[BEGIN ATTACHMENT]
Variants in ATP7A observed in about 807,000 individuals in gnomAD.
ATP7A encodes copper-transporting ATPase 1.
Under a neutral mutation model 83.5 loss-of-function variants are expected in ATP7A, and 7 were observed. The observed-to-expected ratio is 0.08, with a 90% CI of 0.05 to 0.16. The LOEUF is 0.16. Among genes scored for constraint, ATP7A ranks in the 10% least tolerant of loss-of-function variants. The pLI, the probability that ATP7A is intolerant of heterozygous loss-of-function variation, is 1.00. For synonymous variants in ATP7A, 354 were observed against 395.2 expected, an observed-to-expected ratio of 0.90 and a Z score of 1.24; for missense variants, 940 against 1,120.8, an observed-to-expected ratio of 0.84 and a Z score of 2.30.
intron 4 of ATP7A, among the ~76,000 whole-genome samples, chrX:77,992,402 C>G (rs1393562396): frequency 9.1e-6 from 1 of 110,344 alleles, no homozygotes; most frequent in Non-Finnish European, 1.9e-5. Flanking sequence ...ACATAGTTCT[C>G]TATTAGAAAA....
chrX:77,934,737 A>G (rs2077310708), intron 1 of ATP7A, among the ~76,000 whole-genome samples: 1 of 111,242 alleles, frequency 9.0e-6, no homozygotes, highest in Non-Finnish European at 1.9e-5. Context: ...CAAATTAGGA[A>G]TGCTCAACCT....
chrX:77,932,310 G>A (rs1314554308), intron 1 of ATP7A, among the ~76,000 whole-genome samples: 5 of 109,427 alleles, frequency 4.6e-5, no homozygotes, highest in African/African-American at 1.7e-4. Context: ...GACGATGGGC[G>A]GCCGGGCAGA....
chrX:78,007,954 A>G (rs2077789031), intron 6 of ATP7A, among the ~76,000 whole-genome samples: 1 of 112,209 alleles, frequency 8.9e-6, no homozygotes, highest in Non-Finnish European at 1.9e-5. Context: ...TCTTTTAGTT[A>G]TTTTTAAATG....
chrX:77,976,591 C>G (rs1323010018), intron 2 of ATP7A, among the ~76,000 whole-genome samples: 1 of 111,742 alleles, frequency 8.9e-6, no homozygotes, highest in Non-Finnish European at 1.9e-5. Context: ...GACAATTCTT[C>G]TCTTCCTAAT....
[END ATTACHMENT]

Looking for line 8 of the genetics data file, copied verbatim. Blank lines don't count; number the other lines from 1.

chrX:77,976,591 C>G (rs1323010018), intron 2 of ATP7A, among the ~76,000 whole-genome samples: 1 of 111,742 alleles, frequency 8.9e-6, no homozygotes, highest in Non-Finnish European at 1.9e-5. Context: ...GACAATTCTT[C>G]TCTTCCTAAT....